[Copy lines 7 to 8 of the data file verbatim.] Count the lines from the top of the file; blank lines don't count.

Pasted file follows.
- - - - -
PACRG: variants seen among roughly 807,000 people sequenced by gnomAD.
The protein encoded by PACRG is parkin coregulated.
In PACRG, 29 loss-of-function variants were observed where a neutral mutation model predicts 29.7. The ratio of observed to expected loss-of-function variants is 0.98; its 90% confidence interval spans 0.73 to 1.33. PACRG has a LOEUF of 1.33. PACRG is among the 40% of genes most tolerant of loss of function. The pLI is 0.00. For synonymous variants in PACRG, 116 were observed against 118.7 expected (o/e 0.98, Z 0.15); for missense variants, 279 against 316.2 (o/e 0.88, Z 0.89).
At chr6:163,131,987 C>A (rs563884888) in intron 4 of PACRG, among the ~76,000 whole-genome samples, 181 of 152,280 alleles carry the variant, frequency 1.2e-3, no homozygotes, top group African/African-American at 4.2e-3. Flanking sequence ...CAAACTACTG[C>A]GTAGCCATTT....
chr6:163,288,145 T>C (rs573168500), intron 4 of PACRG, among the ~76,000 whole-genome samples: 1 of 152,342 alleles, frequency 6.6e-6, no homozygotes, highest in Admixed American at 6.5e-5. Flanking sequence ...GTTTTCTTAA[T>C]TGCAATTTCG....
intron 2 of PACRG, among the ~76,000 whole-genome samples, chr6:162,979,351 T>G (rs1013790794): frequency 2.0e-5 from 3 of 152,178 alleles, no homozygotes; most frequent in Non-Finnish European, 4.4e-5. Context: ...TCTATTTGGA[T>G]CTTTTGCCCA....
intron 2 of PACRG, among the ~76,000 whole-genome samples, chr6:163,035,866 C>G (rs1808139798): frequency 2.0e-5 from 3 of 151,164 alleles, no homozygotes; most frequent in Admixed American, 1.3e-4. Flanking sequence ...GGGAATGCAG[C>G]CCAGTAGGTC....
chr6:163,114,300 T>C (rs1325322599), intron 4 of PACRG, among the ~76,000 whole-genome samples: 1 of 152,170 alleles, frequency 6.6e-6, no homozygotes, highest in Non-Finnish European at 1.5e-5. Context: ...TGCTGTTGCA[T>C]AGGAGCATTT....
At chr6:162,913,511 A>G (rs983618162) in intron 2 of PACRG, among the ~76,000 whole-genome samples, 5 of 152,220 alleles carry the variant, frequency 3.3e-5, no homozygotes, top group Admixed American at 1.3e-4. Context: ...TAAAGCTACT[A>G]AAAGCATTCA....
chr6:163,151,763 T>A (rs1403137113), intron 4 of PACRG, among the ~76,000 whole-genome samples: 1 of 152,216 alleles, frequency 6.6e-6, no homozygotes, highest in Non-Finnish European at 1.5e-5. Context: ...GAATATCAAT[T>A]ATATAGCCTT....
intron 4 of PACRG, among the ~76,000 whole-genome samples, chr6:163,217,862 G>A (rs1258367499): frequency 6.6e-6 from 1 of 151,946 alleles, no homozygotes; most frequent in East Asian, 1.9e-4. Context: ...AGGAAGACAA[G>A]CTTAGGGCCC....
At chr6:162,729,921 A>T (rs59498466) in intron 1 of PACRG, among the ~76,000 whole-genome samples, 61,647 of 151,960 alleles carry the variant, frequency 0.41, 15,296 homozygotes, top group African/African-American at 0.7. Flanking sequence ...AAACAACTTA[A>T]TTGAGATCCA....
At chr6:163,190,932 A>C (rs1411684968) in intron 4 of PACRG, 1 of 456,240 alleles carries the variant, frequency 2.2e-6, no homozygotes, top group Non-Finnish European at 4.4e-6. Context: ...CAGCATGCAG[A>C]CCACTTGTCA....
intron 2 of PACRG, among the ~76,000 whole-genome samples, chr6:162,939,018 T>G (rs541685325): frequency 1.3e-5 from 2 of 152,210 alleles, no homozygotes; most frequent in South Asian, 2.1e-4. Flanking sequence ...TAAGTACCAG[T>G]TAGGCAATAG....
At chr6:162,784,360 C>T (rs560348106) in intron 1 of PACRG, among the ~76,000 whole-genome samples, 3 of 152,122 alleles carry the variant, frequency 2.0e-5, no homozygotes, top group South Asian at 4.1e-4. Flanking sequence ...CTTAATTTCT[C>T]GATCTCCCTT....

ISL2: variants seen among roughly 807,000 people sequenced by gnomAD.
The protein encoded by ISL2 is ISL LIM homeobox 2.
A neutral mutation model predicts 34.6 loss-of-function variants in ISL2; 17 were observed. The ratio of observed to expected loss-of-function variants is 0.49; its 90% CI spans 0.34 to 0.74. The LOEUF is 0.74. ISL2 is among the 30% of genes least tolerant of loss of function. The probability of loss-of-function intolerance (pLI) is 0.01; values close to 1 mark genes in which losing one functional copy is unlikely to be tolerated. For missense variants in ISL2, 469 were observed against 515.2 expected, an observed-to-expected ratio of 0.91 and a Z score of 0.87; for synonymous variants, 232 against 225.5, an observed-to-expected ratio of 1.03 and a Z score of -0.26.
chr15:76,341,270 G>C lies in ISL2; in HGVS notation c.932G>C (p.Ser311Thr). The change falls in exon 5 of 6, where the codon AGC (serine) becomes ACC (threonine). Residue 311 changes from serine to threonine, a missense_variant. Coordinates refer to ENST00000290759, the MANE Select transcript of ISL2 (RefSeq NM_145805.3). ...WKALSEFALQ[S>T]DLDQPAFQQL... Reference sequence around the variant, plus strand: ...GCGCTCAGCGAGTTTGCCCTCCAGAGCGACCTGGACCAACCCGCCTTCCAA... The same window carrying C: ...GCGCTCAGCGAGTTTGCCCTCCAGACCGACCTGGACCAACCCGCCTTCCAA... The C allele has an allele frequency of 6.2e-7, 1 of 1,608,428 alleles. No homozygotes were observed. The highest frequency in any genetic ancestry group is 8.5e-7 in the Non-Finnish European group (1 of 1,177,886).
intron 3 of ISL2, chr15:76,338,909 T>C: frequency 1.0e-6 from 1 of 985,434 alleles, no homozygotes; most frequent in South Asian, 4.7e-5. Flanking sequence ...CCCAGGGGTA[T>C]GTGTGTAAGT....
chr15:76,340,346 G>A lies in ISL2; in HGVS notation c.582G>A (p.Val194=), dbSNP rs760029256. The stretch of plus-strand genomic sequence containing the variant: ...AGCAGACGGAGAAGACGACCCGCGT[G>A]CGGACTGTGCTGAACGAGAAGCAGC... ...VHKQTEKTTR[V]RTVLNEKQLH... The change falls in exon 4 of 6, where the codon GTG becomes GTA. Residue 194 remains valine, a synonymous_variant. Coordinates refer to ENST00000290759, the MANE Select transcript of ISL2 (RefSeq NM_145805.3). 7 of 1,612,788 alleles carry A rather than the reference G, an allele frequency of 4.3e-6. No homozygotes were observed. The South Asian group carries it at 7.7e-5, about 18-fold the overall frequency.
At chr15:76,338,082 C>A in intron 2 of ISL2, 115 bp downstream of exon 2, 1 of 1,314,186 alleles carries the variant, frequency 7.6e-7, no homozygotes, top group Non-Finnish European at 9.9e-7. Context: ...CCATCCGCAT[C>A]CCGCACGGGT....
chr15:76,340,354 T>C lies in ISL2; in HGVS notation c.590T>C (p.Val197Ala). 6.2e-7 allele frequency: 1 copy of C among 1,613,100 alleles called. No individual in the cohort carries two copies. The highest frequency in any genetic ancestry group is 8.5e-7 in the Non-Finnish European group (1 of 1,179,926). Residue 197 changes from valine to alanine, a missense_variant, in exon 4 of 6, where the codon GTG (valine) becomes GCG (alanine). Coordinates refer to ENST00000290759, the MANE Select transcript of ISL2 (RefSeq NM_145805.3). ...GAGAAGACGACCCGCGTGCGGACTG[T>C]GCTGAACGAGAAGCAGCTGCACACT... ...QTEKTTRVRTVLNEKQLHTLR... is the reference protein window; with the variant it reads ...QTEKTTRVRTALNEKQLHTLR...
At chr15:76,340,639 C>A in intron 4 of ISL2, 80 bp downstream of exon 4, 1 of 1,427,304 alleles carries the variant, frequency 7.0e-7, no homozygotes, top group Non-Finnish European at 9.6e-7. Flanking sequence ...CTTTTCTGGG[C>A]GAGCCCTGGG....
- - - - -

intron 2 of PACRG, among the ~76,000 whole-genome samples, chr6:163,035,866 C>G (rs1808139798): frequency 2.0e-5 from 3 of 151,164 alleles, no homozygotes; most frequent in Admixed American, 1.3e-4. Flanking sequence ...GGGAATGCAG[C>G]CCAGTAGGTC....
chr6:163,114,300 T>C (rs1325322599), intron 4 of PACRG, among the ~76,000 whole-genome samples: 1 of 152,170 alleles, frequency 6.6e-6, no homozygotes, highest in Non-Finnish European at 1.5e-5. Context: ...TGCTGTTGCA[T>C]AGGAGCATTT....